In September 1867, six Adler sisters, ranging in age from infant to teen, entered the Home. Like many of the Home’s early wards, the girls’ parents, Neuman Adler, a tailor, and his wife Augusta (pictured with the three oldest girls, Jenny, Lena, and Sarah) died from yellow fever. Baby Rachel, died shortly after entering the Home and Mary died shortly after her discharge.
The board discharged Sarah Adler in 1876 to marry Rev. Emanuel M. Rosenfelder, the Home’s Hebrew teacher. The newlyweds moved to Natchez, Mississippi before settling in Louisville, Kentucky, where they raised eight children
Rev. Emanuel Rosenfelder
Home President Isaac Scherck and Superintendent Levi Shoenberg signed the ketubah.
In Louisville, Sarah and Emanuel frequently hosted her unmarried sisters Lena and Theresa, both of whom worked as nurses in New York. Even after Sarah died, Lena and Theresa remained close to their sister’s family, as reflected by this photo of Theresa (seated on left) and Lena (wearing hat) taken at the 1937 bar mitzvah of Sarah’s grandson, standing between them.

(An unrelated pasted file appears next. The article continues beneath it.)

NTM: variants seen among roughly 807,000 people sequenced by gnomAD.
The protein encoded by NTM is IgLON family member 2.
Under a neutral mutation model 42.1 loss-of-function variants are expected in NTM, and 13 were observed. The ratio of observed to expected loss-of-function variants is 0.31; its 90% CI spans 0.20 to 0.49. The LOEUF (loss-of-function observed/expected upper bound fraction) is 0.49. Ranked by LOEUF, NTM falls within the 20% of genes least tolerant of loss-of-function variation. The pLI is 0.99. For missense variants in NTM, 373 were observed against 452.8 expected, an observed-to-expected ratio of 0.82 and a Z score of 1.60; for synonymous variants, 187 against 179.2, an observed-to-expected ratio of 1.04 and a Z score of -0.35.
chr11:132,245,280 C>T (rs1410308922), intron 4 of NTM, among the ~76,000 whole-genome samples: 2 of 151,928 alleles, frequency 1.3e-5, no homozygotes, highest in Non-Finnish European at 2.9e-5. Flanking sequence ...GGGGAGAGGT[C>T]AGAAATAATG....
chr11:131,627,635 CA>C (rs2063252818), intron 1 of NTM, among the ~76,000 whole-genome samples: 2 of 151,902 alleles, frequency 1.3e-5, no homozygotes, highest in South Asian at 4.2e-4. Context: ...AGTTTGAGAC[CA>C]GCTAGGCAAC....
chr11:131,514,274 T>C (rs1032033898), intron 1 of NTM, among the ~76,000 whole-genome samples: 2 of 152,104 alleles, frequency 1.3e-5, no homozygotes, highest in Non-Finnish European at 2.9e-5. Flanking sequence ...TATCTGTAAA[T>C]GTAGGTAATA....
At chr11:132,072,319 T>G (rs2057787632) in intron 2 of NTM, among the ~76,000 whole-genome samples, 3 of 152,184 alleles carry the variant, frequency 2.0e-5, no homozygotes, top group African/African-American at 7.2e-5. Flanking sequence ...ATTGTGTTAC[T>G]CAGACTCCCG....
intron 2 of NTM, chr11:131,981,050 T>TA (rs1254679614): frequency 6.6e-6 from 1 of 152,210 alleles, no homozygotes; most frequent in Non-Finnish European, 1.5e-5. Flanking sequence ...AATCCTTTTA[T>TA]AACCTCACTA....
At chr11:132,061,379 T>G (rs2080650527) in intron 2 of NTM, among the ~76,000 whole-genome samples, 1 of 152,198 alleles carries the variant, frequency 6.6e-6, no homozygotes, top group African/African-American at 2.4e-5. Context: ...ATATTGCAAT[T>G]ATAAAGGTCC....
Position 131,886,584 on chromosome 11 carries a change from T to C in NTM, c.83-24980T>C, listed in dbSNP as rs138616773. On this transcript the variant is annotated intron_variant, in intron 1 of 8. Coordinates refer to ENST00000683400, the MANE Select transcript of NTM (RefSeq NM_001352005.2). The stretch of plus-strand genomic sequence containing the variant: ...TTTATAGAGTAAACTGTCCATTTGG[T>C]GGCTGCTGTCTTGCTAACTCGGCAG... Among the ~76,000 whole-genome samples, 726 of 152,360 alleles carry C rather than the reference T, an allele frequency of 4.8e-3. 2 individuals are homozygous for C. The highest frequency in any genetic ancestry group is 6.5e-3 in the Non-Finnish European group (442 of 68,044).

Throughout her life, Lena expressed gratitude for the care she and her sisters recived in the Home. At her discharge, she thanked the board for providing her and her sisters “constant kindness” in “that abode of peace.” In 1894, she established a fund to provide an annual $10 prize for Home children who excelled in their studies and, in 1925, celebrated her 70th birthday by donating $1,000 to the Home.
Photos courtesy of Susan Katz Miller, great granddaughter of Sarah Adler Rosenfelder.